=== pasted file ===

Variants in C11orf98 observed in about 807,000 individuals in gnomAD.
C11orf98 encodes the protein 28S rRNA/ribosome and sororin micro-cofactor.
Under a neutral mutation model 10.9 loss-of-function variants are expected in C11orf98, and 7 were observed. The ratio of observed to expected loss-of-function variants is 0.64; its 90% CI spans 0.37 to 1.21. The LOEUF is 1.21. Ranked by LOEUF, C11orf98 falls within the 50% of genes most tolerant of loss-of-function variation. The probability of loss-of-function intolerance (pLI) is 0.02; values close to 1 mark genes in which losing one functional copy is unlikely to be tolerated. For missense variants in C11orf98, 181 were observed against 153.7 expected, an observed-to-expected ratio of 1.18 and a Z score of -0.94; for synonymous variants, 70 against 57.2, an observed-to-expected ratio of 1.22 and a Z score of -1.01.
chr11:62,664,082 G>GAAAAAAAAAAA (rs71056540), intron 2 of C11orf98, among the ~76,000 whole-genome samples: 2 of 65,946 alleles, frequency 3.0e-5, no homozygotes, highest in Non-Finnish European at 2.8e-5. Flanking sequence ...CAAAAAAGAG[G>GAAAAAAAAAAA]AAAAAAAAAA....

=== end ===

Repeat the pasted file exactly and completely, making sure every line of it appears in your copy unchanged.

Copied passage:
Variants in C11orf98 observed in about 807,000 individuals in gnomAD.
C11orf98 encodes the protein 28S rRNA/ribosome and sororin micro-cofactor.
Under a neutral mutation model 10.9 loss-of-function variants are expected in C11orf98, and 7 were observed. The ratio of observed to expected loss-of-function variants is 0.64; its 90% CI spans 0.37 to 1.21. The LOEUF is 1.21. Ranked by LOEUF, C11orf98 falls within the 50% of genes most tolerant of loss-of-function variation. The probability of loss-of-function intolerance (pLI) is 0.02; values close to 1 mark genes in which losing one functional copy is unlikely to be tolerated. For missense variants in C11orf98, 181 were observed against 153.7 expected, an observed-to-expected ratio of 1.18 and a Z score of -0.94; for synonymous variants, 70 against 57.2, an observed-to-expected ratio of 1.22 and a Z score of -1.01.
chr11:62,664,082 G>GAAAAAAAAAAA (rs71056540), intron 2 of C11orf98, among the ~76,000 whole-genome samples: 2 of 65,946 alleles, frequency 3.0e-5, no homozygotes, highest in Non-Finnish European at 2.8e-5. Flanking sequence ...CAAAAAAGAG[G>GAAAAAAAAAAA]AAAAAAAAAA....